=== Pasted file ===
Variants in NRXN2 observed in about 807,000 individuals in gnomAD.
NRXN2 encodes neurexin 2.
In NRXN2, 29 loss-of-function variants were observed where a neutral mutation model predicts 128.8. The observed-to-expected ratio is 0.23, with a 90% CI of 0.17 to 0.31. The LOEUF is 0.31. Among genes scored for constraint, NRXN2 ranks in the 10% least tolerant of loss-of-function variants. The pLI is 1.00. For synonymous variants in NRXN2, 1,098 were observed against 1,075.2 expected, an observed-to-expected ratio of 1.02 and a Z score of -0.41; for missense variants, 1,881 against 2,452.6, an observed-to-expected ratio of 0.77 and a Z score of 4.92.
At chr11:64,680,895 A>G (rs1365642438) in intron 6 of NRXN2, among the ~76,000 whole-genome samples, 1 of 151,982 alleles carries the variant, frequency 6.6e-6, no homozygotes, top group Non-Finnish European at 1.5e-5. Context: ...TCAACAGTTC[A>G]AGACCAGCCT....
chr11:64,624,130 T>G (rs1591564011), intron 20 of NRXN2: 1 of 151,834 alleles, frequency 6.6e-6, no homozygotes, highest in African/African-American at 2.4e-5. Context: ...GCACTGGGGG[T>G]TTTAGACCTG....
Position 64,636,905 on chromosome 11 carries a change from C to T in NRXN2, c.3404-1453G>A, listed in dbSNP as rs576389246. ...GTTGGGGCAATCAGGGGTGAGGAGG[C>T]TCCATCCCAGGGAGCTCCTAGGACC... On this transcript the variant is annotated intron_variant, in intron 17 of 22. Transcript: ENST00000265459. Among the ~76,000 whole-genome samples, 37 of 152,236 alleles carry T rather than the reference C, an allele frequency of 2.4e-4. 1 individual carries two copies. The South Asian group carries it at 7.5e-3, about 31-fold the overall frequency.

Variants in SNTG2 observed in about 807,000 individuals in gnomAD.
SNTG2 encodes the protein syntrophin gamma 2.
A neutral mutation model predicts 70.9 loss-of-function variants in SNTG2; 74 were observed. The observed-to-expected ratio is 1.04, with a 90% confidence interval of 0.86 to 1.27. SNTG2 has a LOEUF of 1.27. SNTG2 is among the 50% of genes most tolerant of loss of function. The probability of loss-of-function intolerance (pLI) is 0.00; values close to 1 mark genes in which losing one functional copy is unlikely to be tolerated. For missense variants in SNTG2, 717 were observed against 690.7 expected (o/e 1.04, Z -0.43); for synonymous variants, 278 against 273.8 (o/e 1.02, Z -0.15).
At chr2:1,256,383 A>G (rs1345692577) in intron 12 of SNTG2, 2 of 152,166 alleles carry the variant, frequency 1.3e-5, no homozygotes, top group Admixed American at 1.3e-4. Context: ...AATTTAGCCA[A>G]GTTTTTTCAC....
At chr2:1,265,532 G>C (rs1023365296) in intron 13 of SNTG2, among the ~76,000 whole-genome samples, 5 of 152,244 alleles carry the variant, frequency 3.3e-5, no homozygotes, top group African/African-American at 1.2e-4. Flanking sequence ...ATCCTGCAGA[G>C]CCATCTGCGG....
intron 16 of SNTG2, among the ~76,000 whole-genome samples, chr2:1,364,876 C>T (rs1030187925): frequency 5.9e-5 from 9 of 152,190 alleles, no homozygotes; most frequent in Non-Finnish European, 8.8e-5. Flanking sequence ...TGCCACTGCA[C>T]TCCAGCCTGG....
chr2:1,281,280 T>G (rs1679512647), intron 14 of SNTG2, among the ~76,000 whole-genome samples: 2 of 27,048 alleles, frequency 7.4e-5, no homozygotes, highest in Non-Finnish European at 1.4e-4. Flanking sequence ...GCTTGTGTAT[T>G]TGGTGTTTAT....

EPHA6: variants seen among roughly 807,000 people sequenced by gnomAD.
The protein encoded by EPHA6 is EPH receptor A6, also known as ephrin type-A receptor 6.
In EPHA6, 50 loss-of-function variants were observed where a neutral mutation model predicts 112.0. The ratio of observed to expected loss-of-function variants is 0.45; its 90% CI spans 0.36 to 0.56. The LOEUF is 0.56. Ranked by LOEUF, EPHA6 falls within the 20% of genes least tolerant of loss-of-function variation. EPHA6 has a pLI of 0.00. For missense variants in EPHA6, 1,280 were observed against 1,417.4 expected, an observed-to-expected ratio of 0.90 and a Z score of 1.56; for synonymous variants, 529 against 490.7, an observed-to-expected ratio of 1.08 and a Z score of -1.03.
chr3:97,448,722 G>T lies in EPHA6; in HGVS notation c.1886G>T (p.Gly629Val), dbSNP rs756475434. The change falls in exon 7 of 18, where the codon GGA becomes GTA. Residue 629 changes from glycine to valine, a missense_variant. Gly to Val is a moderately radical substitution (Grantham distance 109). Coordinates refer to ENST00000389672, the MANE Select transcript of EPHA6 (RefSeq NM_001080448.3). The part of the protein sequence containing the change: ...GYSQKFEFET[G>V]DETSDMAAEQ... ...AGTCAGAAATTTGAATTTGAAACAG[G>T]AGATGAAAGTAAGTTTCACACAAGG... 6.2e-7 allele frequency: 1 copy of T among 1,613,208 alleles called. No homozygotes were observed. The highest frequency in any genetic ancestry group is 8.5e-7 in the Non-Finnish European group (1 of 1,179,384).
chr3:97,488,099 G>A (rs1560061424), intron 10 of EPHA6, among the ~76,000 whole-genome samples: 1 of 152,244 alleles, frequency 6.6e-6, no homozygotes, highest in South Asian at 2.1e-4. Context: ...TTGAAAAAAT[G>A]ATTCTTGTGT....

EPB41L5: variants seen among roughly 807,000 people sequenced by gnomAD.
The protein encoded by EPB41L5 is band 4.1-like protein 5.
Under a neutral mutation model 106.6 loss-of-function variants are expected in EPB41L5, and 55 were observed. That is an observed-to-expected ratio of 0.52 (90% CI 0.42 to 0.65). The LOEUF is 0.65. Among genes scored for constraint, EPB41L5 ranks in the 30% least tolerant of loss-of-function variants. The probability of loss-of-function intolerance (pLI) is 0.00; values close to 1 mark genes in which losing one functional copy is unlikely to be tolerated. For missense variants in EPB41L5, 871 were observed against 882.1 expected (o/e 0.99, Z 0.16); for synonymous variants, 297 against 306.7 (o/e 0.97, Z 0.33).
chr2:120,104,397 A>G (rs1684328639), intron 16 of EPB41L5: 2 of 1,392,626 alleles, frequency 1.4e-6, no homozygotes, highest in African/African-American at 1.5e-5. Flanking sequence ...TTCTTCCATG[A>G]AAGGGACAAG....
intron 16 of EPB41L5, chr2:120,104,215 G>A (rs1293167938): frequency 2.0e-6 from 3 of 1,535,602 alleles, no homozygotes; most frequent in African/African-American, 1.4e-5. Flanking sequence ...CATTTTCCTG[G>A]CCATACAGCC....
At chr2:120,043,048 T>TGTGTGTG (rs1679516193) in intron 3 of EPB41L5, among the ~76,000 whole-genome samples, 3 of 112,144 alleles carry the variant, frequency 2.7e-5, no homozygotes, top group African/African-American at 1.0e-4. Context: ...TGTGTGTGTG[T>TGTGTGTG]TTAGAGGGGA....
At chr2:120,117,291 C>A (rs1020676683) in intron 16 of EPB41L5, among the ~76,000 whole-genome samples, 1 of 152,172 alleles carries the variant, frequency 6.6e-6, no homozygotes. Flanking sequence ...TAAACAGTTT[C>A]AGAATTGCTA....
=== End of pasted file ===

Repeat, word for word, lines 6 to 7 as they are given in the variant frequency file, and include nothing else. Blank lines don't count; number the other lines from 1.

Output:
Position 64,636,905 on chromosome 11 carries a change from C to T in NRXN2, c.3404-1453G>A, listed in dbSNP as rs576389246. ...GTTGGGGCAATCAGGGGTGAGGAGG[C>T]TCCATCCCAGGGAGCTCCTAGGACC... On this transcript the variant is annotated intron_variant, in intron 17 of 22. Transcript: ENST00000265459. Among the ~76,000 whole-genome samples, 37 of 152,236 alleles carry T rather than the reference C, an allele frequency of 2.4e-4. 1 individual carries two copies. The South Asian group carries it at 7.5e-3, about 31-fold the overall frequency.

Variants in SNTG2 observed in about 807,000 individuals in gnomAD.